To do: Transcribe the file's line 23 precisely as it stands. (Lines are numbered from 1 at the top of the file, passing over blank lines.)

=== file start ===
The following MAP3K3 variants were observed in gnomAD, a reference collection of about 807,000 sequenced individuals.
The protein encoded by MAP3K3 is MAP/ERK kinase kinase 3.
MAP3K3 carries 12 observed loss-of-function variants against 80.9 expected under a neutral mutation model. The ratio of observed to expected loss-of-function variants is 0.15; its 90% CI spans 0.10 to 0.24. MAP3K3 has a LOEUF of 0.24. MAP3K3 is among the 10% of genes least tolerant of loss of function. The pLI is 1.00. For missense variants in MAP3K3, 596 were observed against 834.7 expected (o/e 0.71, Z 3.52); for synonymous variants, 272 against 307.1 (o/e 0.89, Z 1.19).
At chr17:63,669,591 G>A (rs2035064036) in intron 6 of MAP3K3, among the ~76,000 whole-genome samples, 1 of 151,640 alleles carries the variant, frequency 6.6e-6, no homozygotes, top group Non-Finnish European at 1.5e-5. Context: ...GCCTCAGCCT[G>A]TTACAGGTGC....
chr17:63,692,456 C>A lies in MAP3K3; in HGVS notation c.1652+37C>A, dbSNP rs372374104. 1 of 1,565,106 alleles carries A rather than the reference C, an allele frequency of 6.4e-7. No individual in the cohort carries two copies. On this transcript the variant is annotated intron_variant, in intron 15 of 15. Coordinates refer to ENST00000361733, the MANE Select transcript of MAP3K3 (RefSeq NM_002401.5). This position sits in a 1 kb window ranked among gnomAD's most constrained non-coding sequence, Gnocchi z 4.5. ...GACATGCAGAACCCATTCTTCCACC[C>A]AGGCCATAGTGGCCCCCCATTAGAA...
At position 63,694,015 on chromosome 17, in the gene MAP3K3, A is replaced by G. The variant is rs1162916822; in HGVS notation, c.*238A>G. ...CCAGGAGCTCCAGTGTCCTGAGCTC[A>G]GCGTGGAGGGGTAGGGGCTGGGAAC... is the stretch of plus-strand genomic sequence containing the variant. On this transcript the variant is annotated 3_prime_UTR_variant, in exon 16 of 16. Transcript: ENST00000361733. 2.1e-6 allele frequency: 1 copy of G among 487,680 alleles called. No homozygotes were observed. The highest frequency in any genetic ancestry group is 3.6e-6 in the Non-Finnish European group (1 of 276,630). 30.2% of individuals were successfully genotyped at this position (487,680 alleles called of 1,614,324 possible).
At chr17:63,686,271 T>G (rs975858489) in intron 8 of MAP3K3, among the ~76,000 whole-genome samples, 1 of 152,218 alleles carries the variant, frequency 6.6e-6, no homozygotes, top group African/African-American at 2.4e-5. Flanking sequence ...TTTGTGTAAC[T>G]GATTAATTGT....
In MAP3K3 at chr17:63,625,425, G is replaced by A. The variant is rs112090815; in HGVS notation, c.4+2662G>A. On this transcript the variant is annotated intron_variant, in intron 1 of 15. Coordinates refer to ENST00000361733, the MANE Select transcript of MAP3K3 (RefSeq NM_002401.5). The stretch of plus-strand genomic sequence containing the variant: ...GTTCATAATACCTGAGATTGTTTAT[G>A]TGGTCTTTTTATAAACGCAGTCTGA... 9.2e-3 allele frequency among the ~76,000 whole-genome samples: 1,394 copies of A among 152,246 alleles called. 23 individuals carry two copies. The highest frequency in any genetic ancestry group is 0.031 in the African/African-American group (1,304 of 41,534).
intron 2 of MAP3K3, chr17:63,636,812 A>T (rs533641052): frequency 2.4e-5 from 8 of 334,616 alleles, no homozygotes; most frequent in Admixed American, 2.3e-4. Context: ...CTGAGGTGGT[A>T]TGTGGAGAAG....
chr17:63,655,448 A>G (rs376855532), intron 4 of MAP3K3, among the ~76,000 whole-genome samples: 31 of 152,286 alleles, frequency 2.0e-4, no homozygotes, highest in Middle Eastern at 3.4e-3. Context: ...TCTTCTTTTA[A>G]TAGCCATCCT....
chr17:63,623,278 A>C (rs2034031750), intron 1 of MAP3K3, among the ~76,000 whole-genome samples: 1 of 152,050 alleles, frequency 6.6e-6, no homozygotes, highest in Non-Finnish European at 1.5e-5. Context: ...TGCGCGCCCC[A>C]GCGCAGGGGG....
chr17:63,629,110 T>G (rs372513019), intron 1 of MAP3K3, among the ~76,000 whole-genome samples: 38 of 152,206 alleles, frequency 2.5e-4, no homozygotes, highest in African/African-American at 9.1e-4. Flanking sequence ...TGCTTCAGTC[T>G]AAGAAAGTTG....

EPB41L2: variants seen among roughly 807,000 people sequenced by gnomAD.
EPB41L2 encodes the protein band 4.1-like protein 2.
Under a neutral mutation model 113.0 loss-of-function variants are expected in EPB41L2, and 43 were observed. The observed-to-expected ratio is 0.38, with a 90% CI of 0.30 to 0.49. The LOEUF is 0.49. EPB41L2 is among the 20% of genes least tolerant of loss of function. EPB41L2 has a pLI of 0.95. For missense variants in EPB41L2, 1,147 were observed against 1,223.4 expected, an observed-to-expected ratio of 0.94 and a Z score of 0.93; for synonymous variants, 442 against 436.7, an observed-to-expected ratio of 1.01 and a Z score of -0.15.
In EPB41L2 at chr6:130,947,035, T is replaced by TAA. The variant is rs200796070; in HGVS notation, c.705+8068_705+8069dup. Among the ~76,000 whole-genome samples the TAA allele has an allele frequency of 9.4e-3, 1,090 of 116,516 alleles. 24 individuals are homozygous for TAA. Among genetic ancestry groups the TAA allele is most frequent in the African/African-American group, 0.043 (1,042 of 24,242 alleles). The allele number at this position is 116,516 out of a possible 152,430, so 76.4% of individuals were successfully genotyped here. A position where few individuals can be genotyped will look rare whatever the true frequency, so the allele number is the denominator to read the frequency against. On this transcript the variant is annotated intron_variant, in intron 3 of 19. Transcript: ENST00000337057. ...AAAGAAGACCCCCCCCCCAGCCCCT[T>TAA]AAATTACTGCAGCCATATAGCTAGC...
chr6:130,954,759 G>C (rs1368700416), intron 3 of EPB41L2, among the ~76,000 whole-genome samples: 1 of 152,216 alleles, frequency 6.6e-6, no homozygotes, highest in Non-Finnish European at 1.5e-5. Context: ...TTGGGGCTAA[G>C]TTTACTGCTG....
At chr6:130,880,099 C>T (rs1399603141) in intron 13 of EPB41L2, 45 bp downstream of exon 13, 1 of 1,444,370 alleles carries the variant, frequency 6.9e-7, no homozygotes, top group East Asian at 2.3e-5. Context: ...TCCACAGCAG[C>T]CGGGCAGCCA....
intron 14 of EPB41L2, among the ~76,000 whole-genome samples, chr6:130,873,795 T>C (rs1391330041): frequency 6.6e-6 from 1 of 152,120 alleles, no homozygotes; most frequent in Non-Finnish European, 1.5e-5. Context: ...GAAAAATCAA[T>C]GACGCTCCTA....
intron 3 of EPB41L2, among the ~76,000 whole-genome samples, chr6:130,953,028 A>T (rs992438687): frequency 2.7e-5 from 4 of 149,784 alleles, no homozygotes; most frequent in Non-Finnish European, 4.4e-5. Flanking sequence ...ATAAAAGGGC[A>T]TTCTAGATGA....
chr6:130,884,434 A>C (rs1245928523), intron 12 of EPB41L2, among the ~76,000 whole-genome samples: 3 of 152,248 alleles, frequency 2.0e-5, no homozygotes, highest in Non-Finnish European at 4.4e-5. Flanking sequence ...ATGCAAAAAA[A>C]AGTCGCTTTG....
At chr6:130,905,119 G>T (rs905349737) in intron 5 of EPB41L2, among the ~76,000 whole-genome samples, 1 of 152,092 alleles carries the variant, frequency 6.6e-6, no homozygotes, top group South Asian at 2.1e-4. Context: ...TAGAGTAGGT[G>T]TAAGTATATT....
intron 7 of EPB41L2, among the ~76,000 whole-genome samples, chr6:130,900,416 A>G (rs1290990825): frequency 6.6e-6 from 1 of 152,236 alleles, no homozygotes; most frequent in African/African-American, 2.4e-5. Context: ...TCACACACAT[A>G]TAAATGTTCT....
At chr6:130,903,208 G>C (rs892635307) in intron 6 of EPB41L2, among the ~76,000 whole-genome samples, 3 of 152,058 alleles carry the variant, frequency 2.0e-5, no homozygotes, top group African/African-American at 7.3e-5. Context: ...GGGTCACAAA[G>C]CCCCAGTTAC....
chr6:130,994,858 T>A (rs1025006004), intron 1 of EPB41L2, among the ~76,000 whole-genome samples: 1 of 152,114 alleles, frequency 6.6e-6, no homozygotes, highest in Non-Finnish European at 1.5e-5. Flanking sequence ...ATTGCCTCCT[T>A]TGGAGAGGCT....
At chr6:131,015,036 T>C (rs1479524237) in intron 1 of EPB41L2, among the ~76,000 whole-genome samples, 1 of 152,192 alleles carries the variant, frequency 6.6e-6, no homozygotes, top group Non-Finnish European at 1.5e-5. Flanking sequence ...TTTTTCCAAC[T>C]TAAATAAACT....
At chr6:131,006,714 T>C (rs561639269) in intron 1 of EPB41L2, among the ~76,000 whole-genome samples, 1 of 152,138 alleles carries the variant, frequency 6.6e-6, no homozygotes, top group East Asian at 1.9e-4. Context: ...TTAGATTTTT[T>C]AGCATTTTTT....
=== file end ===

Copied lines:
intron 7 of EPB41L2, among the ~76,000 whole-genome samples, chr6:130,900,416 A>G (rs1290990825): frequency 6.6e-6 from 1 of 152,236 alleles, no homozygotes; most frequent in African/African-American, 2.4e-5. Context: ...TCACACACAT[A>G]TAAATGTTCT....